- Ganeshan Wignarajah claims China worried restructuring SL debt will change its lending practices
By Imesh Ranasinghe
China is facing a dilemma over helping Sri Lanka, having to decide whether it will allow a restructuring of Sri Lanka’s debt and thus risk having to change its lending practices, or instead damage its ties with the island nation, noted a top international economist.
Speaking at a webinar held by the Central Bank of Sri Lanka (CBSL) yesterday (28), National University of Singapore Senior Fellow Dr. Ganeshan Wignaraja said that China is in somewhat of a dilemma over bailing out debt-ridden Sri Lanka.
“On one hand, it does not want to lose its friendship with the country, or the commercial opportunities,” he said, while adding that China worries that unilaterally restructuring Sri Lanka’s debt, or providing it moratoriums, will create a new precedent in its lending practices with other countries, as there is a whole queue of countries that are lining up for assistance from China because of “failed” Belt and Road Initiative (BRI) projects.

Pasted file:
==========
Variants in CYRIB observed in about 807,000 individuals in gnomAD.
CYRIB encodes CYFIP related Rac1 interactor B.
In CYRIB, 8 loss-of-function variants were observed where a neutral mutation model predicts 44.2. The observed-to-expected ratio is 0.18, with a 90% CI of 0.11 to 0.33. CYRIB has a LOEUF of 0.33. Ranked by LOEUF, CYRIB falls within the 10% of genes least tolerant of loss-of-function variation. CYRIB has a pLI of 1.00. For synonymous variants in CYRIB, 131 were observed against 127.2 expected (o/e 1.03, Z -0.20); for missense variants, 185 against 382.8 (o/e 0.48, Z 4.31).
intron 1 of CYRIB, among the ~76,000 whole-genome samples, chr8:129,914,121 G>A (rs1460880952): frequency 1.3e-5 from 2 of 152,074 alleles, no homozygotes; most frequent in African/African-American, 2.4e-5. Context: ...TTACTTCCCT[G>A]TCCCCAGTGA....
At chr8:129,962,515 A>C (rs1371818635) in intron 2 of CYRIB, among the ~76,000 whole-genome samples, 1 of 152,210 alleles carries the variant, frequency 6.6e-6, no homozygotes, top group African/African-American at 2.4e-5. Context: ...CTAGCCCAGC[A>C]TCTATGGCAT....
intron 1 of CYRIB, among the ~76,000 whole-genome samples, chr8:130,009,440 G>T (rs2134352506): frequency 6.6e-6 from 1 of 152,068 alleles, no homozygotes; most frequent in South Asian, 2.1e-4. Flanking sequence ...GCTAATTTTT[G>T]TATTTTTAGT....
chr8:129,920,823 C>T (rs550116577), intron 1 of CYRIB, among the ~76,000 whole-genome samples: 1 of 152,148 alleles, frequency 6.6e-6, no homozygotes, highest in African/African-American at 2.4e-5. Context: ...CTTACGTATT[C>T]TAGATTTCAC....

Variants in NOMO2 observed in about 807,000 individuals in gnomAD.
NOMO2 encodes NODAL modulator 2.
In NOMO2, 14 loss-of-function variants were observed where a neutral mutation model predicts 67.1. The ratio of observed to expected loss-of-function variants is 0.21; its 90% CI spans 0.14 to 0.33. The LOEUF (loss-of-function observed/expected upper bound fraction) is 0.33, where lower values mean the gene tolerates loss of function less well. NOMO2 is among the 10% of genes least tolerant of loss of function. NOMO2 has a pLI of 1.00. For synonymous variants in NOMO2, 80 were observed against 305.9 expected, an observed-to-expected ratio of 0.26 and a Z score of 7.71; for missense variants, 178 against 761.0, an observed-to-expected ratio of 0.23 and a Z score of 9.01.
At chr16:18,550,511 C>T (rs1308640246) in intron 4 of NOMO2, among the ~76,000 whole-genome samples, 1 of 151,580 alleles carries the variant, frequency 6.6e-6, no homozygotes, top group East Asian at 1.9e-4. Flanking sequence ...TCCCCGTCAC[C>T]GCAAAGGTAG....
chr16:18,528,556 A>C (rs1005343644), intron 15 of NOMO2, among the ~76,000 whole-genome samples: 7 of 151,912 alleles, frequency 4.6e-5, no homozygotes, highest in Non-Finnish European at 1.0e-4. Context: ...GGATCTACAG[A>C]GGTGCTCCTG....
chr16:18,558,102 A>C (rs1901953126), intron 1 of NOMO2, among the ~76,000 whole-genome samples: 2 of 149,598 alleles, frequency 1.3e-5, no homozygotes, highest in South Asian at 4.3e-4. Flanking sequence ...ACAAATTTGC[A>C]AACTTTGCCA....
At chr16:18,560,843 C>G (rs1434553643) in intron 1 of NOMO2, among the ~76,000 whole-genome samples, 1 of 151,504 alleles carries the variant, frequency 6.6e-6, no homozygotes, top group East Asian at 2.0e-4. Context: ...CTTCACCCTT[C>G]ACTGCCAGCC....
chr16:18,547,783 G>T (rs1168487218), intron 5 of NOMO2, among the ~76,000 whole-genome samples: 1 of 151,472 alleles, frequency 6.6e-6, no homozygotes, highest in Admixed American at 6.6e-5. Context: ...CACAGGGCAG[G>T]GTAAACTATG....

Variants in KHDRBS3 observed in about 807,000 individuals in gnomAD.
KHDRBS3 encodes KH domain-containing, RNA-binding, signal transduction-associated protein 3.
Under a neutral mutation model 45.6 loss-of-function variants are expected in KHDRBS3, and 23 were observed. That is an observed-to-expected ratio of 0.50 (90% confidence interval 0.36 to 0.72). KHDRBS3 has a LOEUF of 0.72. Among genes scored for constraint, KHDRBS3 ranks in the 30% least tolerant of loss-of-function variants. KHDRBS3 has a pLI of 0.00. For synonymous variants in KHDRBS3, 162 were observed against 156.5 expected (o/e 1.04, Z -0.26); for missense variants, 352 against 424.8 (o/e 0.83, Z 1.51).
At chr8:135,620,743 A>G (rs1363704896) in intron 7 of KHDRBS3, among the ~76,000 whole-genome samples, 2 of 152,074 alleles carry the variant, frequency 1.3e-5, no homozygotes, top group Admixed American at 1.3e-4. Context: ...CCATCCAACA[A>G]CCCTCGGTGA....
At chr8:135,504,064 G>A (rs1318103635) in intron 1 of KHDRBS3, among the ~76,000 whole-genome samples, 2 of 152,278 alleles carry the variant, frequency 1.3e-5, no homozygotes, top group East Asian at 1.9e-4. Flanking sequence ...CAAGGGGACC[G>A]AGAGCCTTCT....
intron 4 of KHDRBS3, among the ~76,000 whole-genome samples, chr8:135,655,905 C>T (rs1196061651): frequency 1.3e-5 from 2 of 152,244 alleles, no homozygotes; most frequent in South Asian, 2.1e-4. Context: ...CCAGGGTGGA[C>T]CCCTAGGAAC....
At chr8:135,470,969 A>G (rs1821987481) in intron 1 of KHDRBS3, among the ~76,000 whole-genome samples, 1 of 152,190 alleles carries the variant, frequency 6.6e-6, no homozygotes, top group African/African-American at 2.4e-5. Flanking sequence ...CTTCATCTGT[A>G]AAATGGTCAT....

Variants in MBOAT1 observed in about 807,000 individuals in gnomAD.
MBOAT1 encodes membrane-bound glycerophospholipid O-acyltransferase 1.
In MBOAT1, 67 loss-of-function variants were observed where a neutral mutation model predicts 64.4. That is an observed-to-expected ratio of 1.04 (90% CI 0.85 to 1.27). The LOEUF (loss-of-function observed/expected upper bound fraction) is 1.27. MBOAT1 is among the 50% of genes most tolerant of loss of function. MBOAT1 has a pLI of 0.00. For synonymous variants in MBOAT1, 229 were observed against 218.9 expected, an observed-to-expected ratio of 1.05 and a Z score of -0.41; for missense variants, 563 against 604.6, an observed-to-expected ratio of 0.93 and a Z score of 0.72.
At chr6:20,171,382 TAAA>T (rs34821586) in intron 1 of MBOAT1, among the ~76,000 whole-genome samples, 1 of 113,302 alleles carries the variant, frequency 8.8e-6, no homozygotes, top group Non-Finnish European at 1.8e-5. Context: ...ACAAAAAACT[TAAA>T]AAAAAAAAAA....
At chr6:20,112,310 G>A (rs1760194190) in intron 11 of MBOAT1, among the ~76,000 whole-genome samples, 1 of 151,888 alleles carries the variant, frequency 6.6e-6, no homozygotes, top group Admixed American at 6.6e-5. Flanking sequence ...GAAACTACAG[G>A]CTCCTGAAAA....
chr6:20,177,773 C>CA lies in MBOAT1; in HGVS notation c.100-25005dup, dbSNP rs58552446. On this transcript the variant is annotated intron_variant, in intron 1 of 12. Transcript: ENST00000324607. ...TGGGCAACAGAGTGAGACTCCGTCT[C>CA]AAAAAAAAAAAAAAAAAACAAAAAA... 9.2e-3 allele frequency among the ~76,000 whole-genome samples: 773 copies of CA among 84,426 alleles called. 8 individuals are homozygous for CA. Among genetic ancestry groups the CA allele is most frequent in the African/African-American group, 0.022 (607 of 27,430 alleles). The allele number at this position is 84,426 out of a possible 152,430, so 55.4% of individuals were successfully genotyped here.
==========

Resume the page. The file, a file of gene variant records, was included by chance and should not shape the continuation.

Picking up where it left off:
Between 2010-2020, China has lent Sri Lanka over $ 5 billion for projects including roads, an airport, and ports, and accounts for about 10% of Sri Lanka’s external debt.
According to the Centre for Strategic and International Studies, BRI spending in developing countries has raised serious concerns about debt sustainability.
A recent Centre for Global Development report found eight BRI recipient countries – Djibouti, Kyrgyzstan, Laos, the Maldives, Mongolia, Montenegro, Pakistan, and Tajikistan – are at a high risk of debt distress due to BRI loans, where these countries will all face rising debt-to-GDP ratios beyond 50%, with at least 40% of external debt owed to China once BRI lending is complete.
In January, President Gotabaya Rajapaksa during a meeting with Chinese foreign minister Wang Yi requested to restructure Sri Lanka’s debt to China.
Dr. Wignaraja further said that China, being a G2 economy and wanting to challenge the US, doesn’t want to be hamstrung by the reputation of helping out a so-called “failed economy”.
Also, he added that China has become more preoccupied looking inward, having to deal with its own economic slowdown and increasing Covid-19 cases.
So, he said, the “only solution to Sri Lanka‘s crisis at the moment is going to an IMF bailout and receiving assistance from multilateral donors”.